검색버튼 메뉴버튼


DBR | 1호 (2008년 1월)
From INSEAD Knowledge (
Small and large businesses have been searching for decades for the holy grail of organizational change: the perfect way to motivate employees to change their old ways for what management deem to be better, new ones.
The prevailing wind of change is a "top-down" change of an organization's structure or reward system. Some experts espouse putting a "champion" in the executive suite to drive and implement change down to the lowest rung of the corporate ladder. The notion -- get a big gun upstairs to push change to the organizational depths.
Stewart Black and Hal Gregersen take a fresh approach in their book "It Starts With One," believing that an organization changes only as fast and as far as the front-line individuals implementing that change. Therefore, they need to be considered first, in the change paradigm.
"When we work with managers, here's the default mindset: When they think about change it's easy for them to focus on all the things that are not personal -- systems, context, or structure," says Hal Gregersen. "But when you push managers to think about individual people who need to change, it becomes a very different conversation ... less of an intellectual exercise about systems and structure, and more of an individual exercise about real people making real change."
Black notes that only about 30 percent of organizational change initiatives succeed.
"Change really starts with focusing on the individuals you're trying to change, why you're going to change them, how you're going to change them and how they look at the change," Black says. "If you can't zero-in on those individuals, there's no guarantee that things will change."
The book outlines three things that must happen within an organization before change can happen: seeing the need for change; moving once the need is agreed to; and finally completing the change. A key to all this is changing the "mental maps" of managers as well as rank and file workers.
In one of many anecdotes in the book, Gregersen tells of a meatpacking plant that tried to change its top-down management by allowing more input from ordinary workers into typically upper management tasks such as scheduling. At a staff meeting, a big, brawny butcher, who took issue with the new, decentralized structure, stood up and demanded that it was his right to be told what to do by his boss. So change is not merely an issue for the managers who hope to implement it. There are challenges when the mental maps of those in the organization will not allow for a shift from the status quo.
Black says the failure to see the need for change is common and adds that this kills outright about 30 percent of change initiatives. He says it's more than just people being used to old patterns.
"They do things a certain way because they've been successful at it," Black says. "They have mental maps as to how to do their job and they have them, the world over, for one reason: That map has worked for them. The longer that map has worked, the more sense it makes for them to hold onto it."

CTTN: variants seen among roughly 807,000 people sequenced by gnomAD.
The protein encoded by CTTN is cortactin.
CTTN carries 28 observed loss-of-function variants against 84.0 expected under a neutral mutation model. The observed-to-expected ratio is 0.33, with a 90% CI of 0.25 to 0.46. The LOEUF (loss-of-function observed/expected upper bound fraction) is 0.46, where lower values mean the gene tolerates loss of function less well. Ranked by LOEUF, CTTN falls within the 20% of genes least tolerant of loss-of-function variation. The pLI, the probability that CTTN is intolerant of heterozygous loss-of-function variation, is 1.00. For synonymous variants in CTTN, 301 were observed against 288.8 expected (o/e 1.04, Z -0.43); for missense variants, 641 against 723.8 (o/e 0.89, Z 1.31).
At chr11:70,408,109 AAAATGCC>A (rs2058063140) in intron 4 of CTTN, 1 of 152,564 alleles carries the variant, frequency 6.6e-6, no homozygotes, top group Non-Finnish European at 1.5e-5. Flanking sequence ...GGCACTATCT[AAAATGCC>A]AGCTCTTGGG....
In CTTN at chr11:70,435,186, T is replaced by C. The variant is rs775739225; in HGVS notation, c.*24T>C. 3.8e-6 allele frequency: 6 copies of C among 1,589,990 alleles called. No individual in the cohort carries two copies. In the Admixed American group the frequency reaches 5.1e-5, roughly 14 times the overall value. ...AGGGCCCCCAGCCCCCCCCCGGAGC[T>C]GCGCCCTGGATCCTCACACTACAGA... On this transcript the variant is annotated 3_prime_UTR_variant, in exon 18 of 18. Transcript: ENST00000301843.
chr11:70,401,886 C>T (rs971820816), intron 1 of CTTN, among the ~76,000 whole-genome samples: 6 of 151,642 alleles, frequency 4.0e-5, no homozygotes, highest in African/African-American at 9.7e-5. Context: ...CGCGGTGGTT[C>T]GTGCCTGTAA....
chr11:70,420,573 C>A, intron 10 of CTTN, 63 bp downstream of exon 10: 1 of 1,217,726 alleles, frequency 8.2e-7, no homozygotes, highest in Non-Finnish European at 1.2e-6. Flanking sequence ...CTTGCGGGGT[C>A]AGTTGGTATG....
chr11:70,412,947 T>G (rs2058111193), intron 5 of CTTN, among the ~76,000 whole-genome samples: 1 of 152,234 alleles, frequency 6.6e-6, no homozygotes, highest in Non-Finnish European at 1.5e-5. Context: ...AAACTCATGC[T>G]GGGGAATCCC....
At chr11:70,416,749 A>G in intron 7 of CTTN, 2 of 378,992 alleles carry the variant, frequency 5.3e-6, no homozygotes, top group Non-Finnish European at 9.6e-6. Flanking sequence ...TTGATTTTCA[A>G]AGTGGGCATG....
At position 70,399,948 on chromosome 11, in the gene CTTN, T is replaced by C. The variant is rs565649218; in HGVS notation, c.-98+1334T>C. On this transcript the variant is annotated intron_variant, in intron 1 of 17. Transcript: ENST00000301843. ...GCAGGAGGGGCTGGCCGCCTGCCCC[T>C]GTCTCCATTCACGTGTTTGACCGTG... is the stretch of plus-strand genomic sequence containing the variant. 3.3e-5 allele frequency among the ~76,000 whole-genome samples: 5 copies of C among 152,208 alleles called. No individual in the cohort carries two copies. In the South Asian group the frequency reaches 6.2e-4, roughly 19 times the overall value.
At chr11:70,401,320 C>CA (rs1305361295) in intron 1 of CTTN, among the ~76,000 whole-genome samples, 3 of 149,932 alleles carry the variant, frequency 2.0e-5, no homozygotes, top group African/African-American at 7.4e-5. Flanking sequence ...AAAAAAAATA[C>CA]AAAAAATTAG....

"Unless you provide a big enough contrast and an engaging enough experience, you can't break through it, and the change initiative will fail," he says.
To illustrate his point, Black talks about one of the most successful car companies in the world: Toyota. Years ago, its North American executives repeatedly tried to convince the Tokyo home office of the need to tap the massive and lucrative U.S. pickup truck market. Tokyo believed it was a niche market comprising of cowboys and construction workers. After much resistance, the top executives traveled to the U.S. and attended an American football game. Before the game they walked around the massive parking lot and saw thousands of ordinary families (Toyota's target market) enjoying tailgate parties out of the back of their pickup trucks or sport utility vehicles (SUVs). As Black tells the story, the mental map of Tokyo management was instantly changed, and eventually led to the launch of the Tundra, one of Toyota's most successful models.
"We see things best that are directly in front of us ... you have to confront the people with contrast and engage them," says Black. "The more senses you can engage, the more successful you'll be in having people accept that difference."
Beyond seeing the need to change, the challenge is getting people to move on that change and then to finish the change process. Think of the recent Heathrow Terminal 5 baggage debacle, in which tens of thousands of bags were lost shortly after the much-touted terminal opened. Gregersen says management could clearly see the problem. But it failed to think through the individual baggage handler's capabilities in moving bags from point A to B in a timely manner.
"The challenge is getting people capable to do something that they've never done before," Gregersen says. "If it's new and it's never been done before, by definition, 'I'm not good at it.' Managers -- once they see the light -- assume that everyone else can do something perfectly. This is simply not the case."
To finish the change initiative, the front-line workers will make or break it. Depending on the size and scope of the change, it may take time to implement, but success or failure depends on personal support, Gregersen says. If a manager has helped workers to see the need to change, given them the capability to start the change but doesn't fundamentally care about the final success, the initiative will not succeed. He believes that employees need the most support during the crucial, implementation phase.
"At the breaking point it's important to have a champion, not at the top of the organization, but someone nearby who will help make a difference when front-line employees are ready to give up," Gregersen says. "Having that kind of local support helps to keep people going until they master the new way of doing things."